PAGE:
Sent: Monday, July 16, 2012 4:05 PM
Subject: Re: {MPML} Halley MOID
>> Did I do that right or did I make a mistake somewhere? Bottom line:
>> I don't lose sleep over the threat.
>
> It does seem like a very small threat. Can't say I've worried
> about it, or seen anything here to cause worry.
>
> "...The probability that the object will strike the earth is
> then the ratio of the areas of these two circular regions to the
> entire surface area of the one AU sphere or about one in 5.4 x 10^16."
>
> Seems a reasonable analysis, but that end result seems off.
> With an earth radius of 6378 km and an AU of 150 million km, and
>
> earth crosssectional area = pi * 6378^2 = 1.3e+8 km^2
> oneAU radius sphere area = 4 * pi * (1.5e+8)^2 = 2.8e+17 km^2
> area of _both_ earth crosssections = 2.6e+8 km^2
>
> ...I get odds of about 1.1 billion to one. Slightly worse than
> this because the comet doesn't hit that sphere headon, but at an angle.
>
> Your point remains, though: it's not much of a threat.
>
>  Bill
>  Hello all,
Just to clarify:
Very small impact probability, the vast majority of impacts are by
asteroids, but on average, much higher impact velocity therefore much
more energy, and more destruction.
Alain
Bill J Gray <pluto@...> a écrit :
>> Did I do that right or did I make a mistake somewhere?
>> Bottom line: I don't lose sleep over the threat.
>
> It does seem like a very small threat. Can't say I've worried
> about it, or seen anything here to cause worry.
>
> "...The probability that the object will strike the earth is
> then the ratio of the areas of these two circular regions to the
> entire surface area of the one AU sphere or about one in 5.4 x 10^16."
>
> Seems a reasonable analysis, but that end result seems off.
> With an earth radius of 6378 km and an AU of 150 million km, and
>
> earth crosssectional area = pi * 6378^2 = 1.3e+8 km^2
> oneAU radius sphere area = 4 * pi * (1.5e+8)^2 = 2.8e+17 km^2
> area of _both_ earth crosssections = 2.6e+8 km^2
>
> ...I get odds of about 1.1 billion to one. Slightly worse than
> this because the comet doesn't hit that sphere headon, but at an angle.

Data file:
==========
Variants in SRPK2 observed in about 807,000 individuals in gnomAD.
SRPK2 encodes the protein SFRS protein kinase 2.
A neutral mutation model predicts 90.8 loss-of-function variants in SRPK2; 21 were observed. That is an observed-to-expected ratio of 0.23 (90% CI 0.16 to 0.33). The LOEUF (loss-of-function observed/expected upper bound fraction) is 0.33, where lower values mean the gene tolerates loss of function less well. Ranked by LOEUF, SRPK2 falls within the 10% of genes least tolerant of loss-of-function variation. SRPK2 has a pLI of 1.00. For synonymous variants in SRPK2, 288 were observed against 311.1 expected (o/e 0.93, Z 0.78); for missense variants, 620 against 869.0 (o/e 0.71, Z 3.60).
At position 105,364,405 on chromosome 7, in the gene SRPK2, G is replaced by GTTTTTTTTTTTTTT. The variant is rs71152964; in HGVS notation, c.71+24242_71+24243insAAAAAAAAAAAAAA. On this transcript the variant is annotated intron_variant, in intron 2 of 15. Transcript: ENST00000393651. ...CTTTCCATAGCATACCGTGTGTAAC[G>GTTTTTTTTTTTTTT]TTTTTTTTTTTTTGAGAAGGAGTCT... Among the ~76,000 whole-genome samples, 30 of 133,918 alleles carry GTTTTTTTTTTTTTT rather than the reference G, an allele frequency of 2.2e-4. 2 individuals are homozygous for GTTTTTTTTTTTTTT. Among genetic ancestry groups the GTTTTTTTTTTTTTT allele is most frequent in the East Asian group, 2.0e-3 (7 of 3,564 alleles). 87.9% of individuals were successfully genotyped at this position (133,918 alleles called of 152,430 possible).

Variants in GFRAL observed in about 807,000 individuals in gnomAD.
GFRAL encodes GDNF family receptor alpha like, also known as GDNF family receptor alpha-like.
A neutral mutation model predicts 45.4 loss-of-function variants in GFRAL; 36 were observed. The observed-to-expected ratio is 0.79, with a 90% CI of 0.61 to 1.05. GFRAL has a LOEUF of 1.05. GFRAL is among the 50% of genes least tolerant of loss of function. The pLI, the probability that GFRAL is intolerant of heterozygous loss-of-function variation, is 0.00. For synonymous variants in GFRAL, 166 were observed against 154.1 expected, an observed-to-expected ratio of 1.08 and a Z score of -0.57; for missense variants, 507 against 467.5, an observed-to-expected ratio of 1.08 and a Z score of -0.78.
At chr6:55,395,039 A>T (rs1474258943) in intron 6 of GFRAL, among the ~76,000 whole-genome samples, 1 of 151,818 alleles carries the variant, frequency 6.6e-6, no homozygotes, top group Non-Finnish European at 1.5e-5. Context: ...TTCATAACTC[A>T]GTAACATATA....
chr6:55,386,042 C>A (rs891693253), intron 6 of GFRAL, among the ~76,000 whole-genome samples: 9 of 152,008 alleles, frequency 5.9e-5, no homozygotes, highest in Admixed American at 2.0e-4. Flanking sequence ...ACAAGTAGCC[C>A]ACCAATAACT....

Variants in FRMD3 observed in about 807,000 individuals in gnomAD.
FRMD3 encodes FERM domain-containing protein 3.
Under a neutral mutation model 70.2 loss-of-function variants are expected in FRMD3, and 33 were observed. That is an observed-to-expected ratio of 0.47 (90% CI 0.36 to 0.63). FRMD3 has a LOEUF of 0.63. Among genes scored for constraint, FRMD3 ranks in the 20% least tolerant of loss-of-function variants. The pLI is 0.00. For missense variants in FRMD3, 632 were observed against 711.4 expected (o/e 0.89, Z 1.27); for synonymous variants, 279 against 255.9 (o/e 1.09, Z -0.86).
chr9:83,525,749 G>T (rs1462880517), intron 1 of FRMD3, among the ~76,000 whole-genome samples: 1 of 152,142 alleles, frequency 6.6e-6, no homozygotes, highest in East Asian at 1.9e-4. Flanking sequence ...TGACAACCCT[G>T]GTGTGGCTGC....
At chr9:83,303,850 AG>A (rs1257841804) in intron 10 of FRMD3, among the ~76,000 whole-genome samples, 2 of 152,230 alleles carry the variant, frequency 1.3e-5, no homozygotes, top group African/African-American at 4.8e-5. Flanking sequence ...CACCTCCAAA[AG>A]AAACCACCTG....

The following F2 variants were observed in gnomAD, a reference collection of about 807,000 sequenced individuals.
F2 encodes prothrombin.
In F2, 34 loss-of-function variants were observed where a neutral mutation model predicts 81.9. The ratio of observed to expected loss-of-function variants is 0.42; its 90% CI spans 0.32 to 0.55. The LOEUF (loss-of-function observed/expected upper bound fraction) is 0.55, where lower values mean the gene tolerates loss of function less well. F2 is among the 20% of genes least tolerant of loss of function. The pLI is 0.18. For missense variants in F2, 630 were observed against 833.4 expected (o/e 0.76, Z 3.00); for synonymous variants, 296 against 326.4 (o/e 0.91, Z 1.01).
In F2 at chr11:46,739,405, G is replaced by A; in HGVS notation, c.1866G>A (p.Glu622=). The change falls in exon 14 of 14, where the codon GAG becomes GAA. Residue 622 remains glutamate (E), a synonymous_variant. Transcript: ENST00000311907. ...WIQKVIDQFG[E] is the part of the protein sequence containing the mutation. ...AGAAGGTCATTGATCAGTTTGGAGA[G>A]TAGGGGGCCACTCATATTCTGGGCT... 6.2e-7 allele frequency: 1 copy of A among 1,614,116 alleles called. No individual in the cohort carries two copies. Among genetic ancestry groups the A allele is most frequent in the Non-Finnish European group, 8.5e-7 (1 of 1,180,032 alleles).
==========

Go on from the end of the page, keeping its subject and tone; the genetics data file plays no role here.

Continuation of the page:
>
> Your point remains, though: it's not much of a threat.
>
>  Bill
>  Hello all,
Just to clarify:
Very small impact probability, the vast majority of impacts are by
asteroids, but on average, much higher impact velocity therefore much
more energy, and more destruction.
Alain
Bill J Gray <pluto@...> a écrit :
>> Did I do that right or did I make a mistake somewhere?
>> Bottom line: I don't lose sleep over the threat.
>
> It does seem like a very small threat. Can't say I've worried
> about it, or seen anything here to cause worry.
>
> "...The probability that the object will strike the earth is
> then the ratio of the areas of these two circular regions to the
> entire surface area of the one AU sphere or about one in 5.4 x 10^16."
>
> Seems a reasonable analysis, but that end result seems off.
> With an earth radius of 6378 km and an AU of 150 million km, and
>
> earth crosssectional area = pi * 6378^2 = 1.3e+8 km^2
> oneAU radius sphere area = 4 * pi * (1.5e+8)^2 = 2.8e+17 km^2
> area of _both_ earth crosssections = 2.6e+8 km^2
>
> ...I get odds of about 1.1 billion to one. Slightly worse than
> this because the comet doesn't hit that sphere headon, but at an angle.
>
> Your point remains, though: it's not much of a threat.
>
>  Bill
>  Hello all,
Just to clarify:
Very small impact probability, the vast majority of impacts are by
asteroids, but on average, much higher impact velocity therefore much
more energy, and more destruction.
Alain
Bill J Gray <pluto@...> a écrit :
>> Did I do that right or did I make a mistake somewhere?
>> Bottom line: I don't lose sleep over the threat.
>
> It does seem like a very small threat. Can't say I've worried
> about it, or seen anything here to cause worry.
>
> "...The probability that the object will strike the earth is
> then the ratio of the areas of these two circular regions to the
> entire surface area of the one AU sphere or about one in 5.4 x 10^16."
>
> Seems a reasonable analysis, but that end result seems off.
> With an earth radius of 6378 km and an AU of 150 million km, and
>
> earth crosssectional area = pi * 6378^2 = 1.3e+8 km^2
> oneAU radius sphere area = 4 * pi * (1.5e+8)^2 = 2.8e+17 km^2
> area of _both_ earth crosssections = 2.6e+8 km^2
>
> ...I get odds of about 1.1 billion to one. Slightly worse than
> this because the comet doesn't hit that sphere headon, but at an angle.
>
> Your point remains, though: it's not much of a threat.
>
>  Bill
>  Hello all,
Just to clarify:
Very small impact probability, the vast majority of impacts are by
asteroids, but on average, much higher impact velocity therefore much
more energy, and more destruction.
Alain
Bill J Gray <pluto@...> a écrit :
>> Did I do that right or did I make a mistake somewhere?
>> Bottom line: I don't lose sleep over the threat.
>
> It does seem like a very small threat. Can't say I've worried
> about it, or seen anything here to cause worry.
>
> "...The probability that the object will strike the earth is
> then the ratio of the areas of these two circular regions to the